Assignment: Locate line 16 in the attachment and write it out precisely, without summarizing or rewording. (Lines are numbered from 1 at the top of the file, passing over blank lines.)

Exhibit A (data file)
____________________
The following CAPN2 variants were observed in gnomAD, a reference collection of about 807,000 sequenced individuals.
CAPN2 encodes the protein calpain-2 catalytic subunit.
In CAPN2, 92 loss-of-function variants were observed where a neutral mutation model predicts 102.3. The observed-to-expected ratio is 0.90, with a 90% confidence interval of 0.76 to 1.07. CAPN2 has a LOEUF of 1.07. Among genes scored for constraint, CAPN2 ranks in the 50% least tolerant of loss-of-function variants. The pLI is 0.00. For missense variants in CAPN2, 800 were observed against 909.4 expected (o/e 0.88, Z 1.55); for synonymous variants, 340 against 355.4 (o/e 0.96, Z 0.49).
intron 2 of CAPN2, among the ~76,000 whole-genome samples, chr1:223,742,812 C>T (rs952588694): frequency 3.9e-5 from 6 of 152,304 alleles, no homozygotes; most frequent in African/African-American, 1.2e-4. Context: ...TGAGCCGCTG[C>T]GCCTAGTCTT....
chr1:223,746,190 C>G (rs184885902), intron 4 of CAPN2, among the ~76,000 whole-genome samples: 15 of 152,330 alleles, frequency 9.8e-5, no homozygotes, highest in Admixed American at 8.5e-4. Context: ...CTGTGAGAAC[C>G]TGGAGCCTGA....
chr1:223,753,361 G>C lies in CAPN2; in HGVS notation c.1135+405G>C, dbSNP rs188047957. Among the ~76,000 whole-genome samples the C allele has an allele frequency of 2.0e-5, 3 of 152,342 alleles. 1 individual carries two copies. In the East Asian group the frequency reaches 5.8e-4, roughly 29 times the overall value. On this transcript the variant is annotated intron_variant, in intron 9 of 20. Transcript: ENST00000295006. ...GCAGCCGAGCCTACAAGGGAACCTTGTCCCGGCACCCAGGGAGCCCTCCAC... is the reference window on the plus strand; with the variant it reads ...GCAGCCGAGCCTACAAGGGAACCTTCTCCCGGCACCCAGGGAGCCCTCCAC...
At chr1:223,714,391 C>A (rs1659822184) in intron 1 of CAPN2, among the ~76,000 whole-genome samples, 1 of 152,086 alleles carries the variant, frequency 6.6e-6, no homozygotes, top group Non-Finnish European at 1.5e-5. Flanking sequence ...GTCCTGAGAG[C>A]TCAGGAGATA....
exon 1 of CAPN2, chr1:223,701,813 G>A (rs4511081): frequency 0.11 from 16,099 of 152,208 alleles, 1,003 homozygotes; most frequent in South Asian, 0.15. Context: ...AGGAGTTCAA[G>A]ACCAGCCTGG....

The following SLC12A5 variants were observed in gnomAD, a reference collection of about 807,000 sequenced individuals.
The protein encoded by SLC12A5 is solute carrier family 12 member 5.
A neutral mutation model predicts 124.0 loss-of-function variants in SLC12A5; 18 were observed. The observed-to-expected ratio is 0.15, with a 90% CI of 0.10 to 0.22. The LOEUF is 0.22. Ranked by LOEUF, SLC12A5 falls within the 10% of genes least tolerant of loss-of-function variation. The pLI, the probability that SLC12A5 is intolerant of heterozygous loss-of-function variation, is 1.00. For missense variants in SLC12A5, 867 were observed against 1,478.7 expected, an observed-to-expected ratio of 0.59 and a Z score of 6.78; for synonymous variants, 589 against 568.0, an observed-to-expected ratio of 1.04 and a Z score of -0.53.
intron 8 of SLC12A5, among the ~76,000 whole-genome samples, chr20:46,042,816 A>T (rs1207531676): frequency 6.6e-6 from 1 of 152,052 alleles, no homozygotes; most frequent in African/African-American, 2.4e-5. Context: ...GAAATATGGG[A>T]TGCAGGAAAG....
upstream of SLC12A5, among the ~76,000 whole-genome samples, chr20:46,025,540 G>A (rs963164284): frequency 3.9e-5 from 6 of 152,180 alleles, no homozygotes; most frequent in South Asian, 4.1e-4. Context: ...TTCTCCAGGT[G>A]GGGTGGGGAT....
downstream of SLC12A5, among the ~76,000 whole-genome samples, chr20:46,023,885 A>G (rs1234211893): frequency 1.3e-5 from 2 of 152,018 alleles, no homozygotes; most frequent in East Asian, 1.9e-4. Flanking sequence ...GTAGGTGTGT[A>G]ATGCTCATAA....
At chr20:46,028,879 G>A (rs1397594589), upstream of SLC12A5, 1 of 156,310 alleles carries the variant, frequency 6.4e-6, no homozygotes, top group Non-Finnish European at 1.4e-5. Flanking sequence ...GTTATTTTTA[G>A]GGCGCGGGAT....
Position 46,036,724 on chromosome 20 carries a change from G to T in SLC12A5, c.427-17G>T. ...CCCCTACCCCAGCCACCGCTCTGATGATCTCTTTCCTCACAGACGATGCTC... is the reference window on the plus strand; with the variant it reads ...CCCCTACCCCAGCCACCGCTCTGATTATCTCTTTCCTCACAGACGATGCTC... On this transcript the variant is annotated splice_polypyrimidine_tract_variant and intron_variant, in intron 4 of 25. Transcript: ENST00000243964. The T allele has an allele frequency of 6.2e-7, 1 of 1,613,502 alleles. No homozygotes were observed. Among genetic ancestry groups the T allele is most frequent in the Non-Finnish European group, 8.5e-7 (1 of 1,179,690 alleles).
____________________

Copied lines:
Position 46,036,724 on chromosome 20 carries a change from G to T in SLC12A5, c.427-17G>T. ...CCCCTACCCCAGCCACCGCTCTGATGATCTCTTTCCTCACAGACGATGCTC... is the reference window on the plus strand; with the variant it reads ...CCCCTACCCCAGCCACCGCTCTGATTATCTCTTTCCTCACAGACGATGCTC... On this transcript the variant is annotated splice_polypyrimidine_tract_variant and intron_variant, in intron 4 of 25. Transcript: ENST00000243964. The T allele has an allele frequency of 6.2e-7, 1 of 1,613,502 alleles. No homozygotes were observed. Among genetic ancestry groups the T allele is most frequent in the Non-Finnish European group, 8.5e-7 (1 of 1,179,690 alleles).